Before we talk about the world's "most beautiful" people, let's make something clear: Beauty is totally subjective, and in no way, shape, or form is it consistent. In fact, there isn't even a physical definition of beauty. It's a shape-shifting quality that's unique to each person who has it. And everyone has it, even though society as a whole sometimes tries to convince us otherwise.
Cool, now that that's out of the way, we can continue. According to Prima, a new study published in the Journal of the American Medical Association says that as a society, our notions and standards of beauty might be evolving for the better, specifically in regard to age. The average age of the world's "most beautiful" women is currently 38.9 years old. Even though 39 years old is still considered to be young, the number is significant when you compare it to what the average age was 25 years ago: 33.2.
Keep reading to learn more about this new study.
The study was conducted by scientists from
"Not merely an aberration of modern culture, societal obsession with beauty is deeply engrained in the past, with the appreciation of human aesthetics dating back to early Greek civilization," the report read. "Although ideas on beauty vary with personal preferences and cultural standards, in a society at any given time, there is substantial agreement as to what constitutes human beauty."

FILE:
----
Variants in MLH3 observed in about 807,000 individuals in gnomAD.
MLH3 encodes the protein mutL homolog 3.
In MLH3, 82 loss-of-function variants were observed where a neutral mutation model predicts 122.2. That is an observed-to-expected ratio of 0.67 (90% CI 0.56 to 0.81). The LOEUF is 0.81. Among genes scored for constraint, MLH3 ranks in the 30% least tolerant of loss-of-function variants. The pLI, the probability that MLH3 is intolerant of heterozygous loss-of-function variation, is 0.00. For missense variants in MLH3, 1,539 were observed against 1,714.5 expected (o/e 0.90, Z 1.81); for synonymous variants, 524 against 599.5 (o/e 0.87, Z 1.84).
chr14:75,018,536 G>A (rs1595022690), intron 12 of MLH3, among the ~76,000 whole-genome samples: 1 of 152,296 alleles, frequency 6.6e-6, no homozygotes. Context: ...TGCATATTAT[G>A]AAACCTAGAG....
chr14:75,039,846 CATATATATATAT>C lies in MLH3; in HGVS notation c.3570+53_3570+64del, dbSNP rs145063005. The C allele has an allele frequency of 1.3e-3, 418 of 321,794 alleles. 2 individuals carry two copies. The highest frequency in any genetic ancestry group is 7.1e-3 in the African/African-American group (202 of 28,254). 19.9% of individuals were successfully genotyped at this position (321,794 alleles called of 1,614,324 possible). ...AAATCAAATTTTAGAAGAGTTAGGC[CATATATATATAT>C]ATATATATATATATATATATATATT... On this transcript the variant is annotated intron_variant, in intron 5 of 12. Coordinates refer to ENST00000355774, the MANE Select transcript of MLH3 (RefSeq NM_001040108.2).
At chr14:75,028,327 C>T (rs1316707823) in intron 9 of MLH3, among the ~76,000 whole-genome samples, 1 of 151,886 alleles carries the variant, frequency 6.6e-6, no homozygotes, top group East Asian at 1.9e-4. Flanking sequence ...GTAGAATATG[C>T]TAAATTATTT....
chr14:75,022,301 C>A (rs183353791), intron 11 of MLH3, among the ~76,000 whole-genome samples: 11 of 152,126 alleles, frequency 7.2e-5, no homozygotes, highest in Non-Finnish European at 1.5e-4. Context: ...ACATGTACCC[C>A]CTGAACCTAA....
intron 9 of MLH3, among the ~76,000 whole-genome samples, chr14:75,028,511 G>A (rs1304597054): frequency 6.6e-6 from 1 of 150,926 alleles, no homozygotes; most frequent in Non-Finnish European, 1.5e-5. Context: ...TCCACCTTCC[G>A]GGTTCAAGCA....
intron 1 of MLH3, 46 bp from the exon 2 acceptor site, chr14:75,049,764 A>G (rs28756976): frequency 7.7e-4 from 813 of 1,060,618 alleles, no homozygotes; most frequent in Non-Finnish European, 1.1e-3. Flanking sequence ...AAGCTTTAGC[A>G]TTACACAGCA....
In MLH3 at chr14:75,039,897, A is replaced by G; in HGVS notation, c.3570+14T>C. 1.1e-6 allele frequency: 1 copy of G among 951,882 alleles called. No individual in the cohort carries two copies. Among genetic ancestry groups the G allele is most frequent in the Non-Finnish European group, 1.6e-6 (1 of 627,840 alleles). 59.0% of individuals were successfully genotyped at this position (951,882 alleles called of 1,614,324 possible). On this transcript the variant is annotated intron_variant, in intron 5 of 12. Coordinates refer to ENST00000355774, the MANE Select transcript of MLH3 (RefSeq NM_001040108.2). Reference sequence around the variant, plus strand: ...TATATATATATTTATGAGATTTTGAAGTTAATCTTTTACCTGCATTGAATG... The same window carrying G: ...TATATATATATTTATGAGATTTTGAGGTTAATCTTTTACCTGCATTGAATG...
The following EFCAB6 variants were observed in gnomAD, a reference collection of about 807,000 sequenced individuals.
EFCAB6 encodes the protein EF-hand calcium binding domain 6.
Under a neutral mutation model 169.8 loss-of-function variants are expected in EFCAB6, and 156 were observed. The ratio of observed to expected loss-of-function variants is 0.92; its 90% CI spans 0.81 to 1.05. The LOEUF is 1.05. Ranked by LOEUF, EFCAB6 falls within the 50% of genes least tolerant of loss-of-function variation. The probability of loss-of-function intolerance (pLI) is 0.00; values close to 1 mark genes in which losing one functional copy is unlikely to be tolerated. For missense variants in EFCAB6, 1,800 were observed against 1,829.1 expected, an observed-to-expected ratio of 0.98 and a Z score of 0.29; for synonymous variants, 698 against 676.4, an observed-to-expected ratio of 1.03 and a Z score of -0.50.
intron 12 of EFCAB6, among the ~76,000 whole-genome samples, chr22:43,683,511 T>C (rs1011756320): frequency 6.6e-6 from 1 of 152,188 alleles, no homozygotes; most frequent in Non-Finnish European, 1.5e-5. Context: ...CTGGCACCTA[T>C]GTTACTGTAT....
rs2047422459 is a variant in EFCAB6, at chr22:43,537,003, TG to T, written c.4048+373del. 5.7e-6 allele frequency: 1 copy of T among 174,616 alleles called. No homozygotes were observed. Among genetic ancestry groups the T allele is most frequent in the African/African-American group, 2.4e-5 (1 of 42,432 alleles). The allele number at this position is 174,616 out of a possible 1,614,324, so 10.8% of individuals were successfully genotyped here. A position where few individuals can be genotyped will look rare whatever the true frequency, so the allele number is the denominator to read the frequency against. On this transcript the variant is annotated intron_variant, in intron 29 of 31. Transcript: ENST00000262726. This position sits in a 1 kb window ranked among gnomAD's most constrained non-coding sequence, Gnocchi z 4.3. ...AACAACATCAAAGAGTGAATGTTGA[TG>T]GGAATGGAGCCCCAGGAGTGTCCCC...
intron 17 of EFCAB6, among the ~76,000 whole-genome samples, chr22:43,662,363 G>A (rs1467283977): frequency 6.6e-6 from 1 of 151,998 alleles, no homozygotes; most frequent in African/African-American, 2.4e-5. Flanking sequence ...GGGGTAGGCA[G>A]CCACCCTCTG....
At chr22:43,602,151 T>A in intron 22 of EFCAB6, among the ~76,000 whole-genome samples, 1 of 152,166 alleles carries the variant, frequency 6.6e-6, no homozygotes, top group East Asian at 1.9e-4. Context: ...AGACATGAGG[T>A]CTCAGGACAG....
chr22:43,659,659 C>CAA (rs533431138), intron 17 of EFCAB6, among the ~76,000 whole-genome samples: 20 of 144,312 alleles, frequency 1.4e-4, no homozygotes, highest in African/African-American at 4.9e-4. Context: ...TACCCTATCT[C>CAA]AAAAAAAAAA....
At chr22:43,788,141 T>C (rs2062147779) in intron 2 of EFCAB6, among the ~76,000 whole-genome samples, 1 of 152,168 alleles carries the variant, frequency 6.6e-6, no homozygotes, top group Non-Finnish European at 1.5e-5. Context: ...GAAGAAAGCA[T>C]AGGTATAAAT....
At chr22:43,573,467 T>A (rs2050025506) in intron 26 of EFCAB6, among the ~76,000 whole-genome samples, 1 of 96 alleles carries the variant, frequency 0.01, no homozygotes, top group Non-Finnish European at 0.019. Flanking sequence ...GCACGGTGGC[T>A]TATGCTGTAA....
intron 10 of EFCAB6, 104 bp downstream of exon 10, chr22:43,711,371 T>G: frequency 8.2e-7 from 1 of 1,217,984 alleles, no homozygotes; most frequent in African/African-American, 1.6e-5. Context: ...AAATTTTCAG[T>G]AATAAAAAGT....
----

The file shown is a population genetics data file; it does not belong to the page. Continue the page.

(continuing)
Celebrities who topped the list included A-listers like, who is 49; Reese Witherspoon, who is 41; Alicia Keys, who is 36; and Viola Davis, who is 52. Aside from the average age of the celebrities increasing, they also noted a significant increase in diversity. In 1990, non-white celebrities accounted for 24% of the listed names. Now, in 2017, non-white celebs account for 40%.
"The classic notion of beauty is a matter of mathematical conceptions and instantiating definite proportions," wrote the study's author. "However, with the advent of the highly connected world that has exposed individuals to many forms of beauty, we still strive to understand what beauty entails. The mass media platform has for years introduced certain criteria for what constitutes beauty. Through an examination of the WMB issue of People, we found that these beauty standards are evolving as people learn how to integrate the effects of media with exposure to new cultures and different norms."
We're seeing this reflected in the beauty industry, too. Slowly but surely, brands are creating products and ad campaigns for the purpose of expanding creativity and self-expression instead of sending a message of conformity or standardized beauty. We're totally on board.
Head to Prima to read the full story. Then, find out how moving to America helped one woman to embrace her body.